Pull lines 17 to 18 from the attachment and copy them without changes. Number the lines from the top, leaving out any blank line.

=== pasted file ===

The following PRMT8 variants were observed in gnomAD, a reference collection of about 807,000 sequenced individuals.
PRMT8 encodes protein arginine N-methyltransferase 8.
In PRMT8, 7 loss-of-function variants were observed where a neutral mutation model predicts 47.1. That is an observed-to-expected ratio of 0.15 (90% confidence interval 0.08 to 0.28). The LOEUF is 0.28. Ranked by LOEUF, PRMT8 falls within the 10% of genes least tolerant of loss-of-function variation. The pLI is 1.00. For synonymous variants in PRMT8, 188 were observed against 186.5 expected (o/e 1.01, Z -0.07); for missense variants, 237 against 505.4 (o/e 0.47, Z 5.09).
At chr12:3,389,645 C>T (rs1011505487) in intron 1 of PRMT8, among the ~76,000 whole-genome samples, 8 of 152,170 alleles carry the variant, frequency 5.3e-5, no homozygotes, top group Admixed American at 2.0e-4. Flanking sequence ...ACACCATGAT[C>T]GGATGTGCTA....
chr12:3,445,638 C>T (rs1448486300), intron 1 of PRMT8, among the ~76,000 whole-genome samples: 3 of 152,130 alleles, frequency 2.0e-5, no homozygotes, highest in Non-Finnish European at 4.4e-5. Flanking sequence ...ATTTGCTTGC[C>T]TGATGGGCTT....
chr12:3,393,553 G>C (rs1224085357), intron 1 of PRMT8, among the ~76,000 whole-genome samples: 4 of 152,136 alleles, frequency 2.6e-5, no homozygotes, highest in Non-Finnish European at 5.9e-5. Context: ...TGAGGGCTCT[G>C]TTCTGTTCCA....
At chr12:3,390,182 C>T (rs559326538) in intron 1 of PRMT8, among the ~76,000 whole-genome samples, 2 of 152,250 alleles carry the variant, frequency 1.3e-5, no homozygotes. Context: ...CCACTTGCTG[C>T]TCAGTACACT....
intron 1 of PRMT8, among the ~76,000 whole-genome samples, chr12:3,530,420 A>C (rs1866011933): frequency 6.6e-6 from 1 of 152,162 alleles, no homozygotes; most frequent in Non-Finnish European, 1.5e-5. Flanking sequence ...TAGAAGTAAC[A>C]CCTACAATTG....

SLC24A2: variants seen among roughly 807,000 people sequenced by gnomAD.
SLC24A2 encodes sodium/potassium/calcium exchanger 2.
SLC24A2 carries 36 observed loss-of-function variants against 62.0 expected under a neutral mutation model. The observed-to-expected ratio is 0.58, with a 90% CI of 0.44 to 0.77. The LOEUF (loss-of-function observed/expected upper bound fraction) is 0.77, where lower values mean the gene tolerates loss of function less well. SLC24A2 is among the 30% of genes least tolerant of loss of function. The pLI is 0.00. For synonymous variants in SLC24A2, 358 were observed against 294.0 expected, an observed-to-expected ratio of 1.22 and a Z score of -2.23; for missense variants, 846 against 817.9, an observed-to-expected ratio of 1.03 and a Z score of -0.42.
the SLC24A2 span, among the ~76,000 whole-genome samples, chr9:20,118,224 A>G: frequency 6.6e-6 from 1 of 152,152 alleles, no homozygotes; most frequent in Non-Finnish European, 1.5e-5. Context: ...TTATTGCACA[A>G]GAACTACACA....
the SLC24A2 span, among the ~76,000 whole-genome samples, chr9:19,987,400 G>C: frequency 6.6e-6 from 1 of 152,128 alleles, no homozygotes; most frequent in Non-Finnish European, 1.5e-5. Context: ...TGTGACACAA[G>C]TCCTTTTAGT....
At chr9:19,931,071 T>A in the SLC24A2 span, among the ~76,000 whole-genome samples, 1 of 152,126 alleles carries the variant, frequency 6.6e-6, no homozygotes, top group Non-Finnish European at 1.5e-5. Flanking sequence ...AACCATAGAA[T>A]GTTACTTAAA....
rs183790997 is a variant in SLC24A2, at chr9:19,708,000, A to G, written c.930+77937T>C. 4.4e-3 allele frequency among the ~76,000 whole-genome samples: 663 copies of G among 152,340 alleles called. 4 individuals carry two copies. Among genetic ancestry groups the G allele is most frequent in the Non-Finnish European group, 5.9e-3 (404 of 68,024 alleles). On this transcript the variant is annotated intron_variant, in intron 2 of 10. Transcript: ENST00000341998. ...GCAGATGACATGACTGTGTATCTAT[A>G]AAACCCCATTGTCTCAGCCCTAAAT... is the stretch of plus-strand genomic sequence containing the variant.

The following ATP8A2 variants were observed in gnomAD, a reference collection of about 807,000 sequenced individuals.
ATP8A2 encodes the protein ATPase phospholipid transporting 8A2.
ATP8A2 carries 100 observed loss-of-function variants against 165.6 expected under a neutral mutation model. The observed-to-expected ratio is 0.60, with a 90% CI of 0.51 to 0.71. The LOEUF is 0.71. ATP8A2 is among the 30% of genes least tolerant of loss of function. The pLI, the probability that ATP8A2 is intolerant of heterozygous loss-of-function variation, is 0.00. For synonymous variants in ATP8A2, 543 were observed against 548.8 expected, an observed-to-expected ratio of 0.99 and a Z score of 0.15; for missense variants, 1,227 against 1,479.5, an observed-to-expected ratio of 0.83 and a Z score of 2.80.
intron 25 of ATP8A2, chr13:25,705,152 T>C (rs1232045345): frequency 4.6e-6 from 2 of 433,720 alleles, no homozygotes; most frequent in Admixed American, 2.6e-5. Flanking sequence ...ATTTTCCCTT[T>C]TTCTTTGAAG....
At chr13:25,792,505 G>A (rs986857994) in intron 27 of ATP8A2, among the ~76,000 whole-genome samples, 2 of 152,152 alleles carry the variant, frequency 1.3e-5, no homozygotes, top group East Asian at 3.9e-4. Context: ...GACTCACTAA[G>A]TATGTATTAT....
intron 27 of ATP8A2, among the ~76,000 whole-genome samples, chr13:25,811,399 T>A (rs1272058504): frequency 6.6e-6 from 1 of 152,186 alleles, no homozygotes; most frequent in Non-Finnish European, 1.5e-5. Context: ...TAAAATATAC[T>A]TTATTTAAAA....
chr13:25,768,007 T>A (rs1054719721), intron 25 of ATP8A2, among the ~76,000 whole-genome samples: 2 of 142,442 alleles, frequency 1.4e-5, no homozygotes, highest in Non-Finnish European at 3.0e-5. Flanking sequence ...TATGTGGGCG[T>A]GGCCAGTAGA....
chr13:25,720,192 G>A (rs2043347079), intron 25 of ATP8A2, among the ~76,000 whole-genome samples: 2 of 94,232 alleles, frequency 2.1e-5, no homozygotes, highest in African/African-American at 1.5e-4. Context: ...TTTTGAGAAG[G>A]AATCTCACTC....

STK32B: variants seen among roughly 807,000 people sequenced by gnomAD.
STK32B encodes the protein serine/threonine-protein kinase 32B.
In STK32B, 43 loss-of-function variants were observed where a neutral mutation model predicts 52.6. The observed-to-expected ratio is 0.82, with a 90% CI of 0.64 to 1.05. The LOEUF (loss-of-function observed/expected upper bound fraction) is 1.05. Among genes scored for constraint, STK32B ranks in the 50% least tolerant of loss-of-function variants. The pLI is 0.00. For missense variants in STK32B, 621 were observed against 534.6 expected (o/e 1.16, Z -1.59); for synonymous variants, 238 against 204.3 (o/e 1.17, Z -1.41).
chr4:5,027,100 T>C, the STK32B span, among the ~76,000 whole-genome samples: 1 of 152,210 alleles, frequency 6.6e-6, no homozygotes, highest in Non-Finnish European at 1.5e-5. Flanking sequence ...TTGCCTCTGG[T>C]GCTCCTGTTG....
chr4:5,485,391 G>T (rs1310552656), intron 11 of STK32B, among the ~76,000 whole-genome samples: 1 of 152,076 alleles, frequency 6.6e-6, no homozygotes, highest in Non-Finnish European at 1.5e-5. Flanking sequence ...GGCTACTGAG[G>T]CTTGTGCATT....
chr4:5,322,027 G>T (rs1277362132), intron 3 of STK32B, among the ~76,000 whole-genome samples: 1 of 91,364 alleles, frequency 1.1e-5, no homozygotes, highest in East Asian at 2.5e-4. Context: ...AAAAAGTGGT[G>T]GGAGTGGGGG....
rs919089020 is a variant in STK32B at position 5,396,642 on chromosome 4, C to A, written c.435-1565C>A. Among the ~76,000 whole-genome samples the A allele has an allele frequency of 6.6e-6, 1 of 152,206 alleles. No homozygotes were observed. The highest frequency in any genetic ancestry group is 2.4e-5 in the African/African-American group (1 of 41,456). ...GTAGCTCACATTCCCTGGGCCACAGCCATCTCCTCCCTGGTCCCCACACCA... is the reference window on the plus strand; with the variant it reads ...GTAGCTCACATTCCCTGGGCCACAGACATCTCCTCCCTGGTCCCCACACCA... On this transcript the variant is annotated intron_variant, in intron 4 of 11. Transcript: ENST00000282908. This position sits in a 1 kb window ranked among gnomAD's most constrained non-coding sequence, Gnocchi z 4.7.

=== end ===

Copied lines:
ATP8A2 encodes the protein ATPase phospholipid transporting 8A2.
ATP8A2 carries 100 observed loss-of-function variants against 165.6 expected under a neutral mutation model. The observed-to-expected ratio is 0.60, with a 90% CI of 0.51 to 0.71. The LOEUF is 0.71. ATP8A2 is among the 30% of genes least tolerant of loss of function. The pLI, the probability that ATP8A2 is intolerant of heterozygous loss-of-function variation, is 0.00. For synonymous variants in ATP8A2, 543 were observed against 548.8 expected, an observed-to-expected ratio of 0.99 and a Z score of 0.15; for missense variants, 1,227 against 1,479.5, an observed-to-expected ratio of 0.83 and a Z score of 2.80.